KEY POINTS

It is important to check a person’s immigration status, you can check documentation such as passports or contact the Home office via email: ICESSVECWorkflow@homeoffice.gsi.gov.uk.

  • When a person has leave to remain with NRPF, ‘no public funds’ will be written on their immigration documents, for example a Biometric Residence Permit or Home Office letter.
  • If there is no such statement then it can be assumed that a person does have recourse to public funds.

This chapter was added to the APPP in December 2018.

1. Who has NRPF?

No recourse to public funds (NRPF) applies to people who are ‘subject to immigration control’ and, as a result of this, have no entitlement to certain welfare benefits, homelessness assistance and an allocation of social housing through the council register.

The definition of ‘subject to immigration control’ is set out in section 115 (9) of the Immigration and Asylum Act 1999 and applies to people with the immigration status types specified in the table below.

A non-EEA national who… Examples
Requires leave to enter or remain in the UK but does not have it
  • Visa overstayer
  • Illegal entrant
Has leave to enter or remain in the UK which is subject to a condition that they have no recourse to public funds (NRPF)
  • Spouse of a British citizen or settled person
  • Tier 4 student and their dependants
  • Leave to remain under family or private life rules
Has leave to enter or remain in the UK that is subject to a maintenance undertaking
  • Adult dependent relative of a British citizen or person with settled status

People with the following types of immigration status will have recourse to public funds:

  • indefinite leave to enter or remain or no time limit (apart from an adult dependent relative – see note B);
  • right of abode;
  • exempt from immigration control;
  • refugee status;
  • humanitarian protection;
  • discretionary leave to remain, for example:
    • leave granted to a person who has received a conclusive grounds decision that they are a victim of trafficking or modern day slavery;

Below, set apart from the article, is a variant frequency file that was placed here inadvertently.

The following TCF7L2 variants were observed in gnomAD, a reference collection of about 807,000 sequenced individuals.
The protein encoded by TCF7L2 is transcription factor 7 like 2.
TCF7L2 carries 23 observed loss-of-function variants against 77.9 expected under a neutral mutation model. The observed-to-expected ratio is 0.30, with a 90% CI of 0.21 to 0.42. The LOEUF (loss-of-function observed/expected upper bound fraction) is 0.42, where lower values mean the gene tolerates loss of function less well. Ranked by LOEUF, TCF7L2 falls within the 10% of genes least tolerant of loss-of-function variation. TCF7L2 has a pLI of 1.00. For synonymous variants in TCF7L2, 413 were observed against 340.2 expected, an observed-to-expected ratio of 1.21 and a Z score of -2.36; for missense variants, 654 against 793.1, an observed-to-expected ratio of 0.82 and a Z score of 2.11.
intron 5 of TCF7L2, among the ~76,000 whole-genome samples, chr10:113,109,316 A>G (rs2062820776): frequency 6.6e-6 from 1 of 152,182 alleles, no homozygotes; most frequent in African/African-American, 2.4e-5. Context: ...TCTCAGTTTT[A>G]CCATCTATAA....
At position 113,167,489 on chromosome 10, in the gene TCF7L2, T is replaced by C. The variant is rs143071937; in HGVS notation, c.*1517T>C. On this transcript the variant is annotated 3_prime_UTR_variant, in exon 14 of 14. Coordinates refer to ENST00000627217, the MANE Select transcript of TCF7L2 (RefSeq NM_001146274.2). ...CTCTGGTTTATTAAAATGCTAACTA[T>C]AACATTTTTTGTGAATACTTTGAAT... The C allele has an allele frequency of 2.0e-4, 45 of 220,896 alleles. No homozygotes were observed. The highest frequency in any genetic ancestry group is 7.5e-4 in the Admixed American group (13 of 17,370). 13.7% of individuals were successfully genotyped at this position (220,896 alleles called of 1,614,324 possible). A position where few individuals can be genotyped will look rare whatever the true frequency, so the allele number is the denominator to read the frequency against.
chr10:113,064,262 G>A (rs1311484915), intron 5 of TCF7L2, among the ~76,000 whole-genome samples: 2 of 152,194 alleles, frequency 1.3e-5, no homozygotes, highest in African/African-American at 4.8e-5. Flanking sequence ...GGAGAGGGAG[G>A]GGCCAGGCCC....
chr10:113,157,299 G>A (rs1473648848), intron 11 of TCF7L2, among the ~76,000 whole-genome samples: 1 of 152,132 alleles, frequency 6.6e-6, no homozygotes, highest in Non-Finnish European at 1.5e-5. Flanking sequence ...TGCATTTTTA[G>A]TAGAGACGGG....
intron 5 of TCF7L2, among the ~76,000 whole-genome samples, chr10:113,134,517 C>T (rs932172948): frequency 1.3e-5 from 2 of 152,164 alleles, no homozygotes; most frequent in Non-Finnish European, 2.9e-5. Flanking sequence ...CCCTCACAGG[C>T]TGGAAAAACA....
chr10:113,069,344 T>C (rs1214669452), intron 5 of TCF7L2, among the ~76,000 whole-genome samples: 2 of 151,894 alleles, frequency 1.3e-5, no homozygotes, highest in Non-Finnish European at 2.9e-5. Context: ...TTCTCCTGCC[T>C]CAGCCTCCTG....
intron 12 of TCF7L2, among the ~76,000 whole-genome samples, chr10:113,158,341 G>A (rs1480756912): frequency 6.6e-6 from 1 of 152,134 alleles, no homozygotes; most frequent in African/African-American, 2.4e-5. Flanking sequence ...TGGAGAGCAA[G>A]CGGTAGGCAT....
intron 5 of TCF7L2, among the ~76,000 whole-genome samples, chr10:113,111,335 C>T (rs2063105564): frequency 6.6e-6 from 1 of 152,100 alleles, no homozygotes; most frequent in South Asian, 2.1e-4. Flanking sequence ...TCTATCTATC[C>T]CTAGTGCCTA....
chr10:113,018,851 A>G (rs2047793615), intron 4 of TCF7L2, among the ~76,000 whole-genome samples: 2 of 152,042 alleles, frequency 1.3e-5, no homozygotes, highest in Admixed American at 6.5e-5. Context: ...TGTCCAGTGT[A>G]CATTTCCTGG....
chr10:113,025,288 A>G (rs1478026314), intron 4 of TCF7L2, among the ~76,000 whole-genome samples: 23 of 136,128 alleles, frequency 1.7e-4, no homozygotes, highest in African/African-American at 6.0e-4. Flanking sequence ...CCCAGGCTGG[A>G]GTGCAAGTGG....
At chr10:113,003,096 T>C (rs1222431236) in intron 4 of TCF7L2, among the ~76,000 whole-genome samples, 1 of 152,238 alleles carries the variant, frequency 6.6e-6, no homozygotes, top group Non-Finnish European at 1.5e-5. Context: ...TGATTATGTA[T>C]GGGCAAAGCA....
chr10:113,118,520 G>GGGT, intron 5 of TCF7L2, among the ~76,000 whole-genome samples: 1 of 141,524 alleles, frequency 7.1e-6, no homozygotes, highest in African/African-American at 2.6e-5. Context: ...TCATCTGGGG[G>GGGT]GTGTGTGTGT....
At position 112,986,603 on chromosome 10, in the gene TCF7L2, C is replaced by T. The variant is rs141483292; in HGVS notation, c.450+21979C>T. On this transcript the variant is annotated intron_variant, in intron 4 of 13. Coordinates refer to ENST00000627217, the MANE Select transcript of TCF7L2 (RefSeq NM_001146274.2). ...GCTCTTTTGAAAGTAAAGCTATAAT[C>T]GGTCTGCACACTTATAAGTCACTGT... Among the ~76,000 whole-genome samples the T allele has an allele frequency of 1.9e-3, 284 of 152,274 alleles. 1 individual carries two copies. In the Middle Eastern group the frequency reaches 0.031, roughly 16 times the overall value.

• destitution domestic violence concession;
  • limited leave to remain granted under family and private life rules where the person is accepted by the Home Office as being destitute;
  • UASC leave.

When a person has leave to remain with NRPF, ‘no public funds’ will be written on their immigration documents, for example a Biometric Residence Permit or Home Office letter.

If there is no such statement then it can be assumed that a person does have recourse to public funds, although they would need to satisfy the relevant benefit or housing eligibility requirements in order to access these.

1.1 EEA Nationals

European Economic Area (EEA) nationals and their non-EEA family members (who are lawfully present by having a right to reside or derivative right to reside in the UK) are not ‘subject to immigration control’ under section 115 of the Immigration and Asylum Act 1999. They are not excluded from claiming benefits and housing assistance. However, where they are ineligible for these because they fail the right to reside and/or habitual residence tests, they are often referred to as having NRPF. Immigration documentation issued to non-EEA family members with a right to reside or derivative right to reside will not make any reference to public funds.

All Adult Care staff working with people that may have no recourse to public funds should read the Assessing and supporting adults who have no recourse to public funds (England)

2. Checking Immigration Status

When a person requests care and support the local authority will establish their nationality and immigration status for several purposes:

  1. to ascertain any possible entitlement to welfare benefits, housing assistance, employment or Home Office asylum support;
  2. to identify whether the person is in an excluded group and so can only be provided with care and support where this is necessary to prevent a breach of their human rights or EU treaty rights;
  3. where a person is in an excluded group, find out whether there are any immigration claims pending with the Home Office or appeal courts, or other legal barriers preventing them from leaving the UK or returning to their country of origin.

Evidence of nationality and immigration status may be established on the basis of documents provided by the person requesting support but local authorities will routinely check immigration status directly with the Home Office Free email status checking service: ICESSVECWorkflow@homeoffice.gsi.gov.uk.

3. Resources

The NRPF Network has developed comprehensive guidance for local authorities to refer to for information​ about providing people who have no recourse to public funds (NRPF) with social services’ support. It is intended to provide a reference for local authorities in England to use in order to apply statutory duties and powers in relation to providing housing and financial support to vulnerable adults who have no recourse to public funds (NRPF). Assessing and supporting adults who have no recourse to public funds (England)

The guidance provides information on the specific considerations that must be made when assessing and meeting needs of person with NRPF under the Care Act 2014, applying discretionary powers, and implementing exclusions to support that affect people with certain nationalities and immigration status types. Practitioners must in all cases adhere to the Department of Health and Social Care’s Care and Support Statutory Guidance, referred to as ‘the Statutory Guidance’.

List of resources: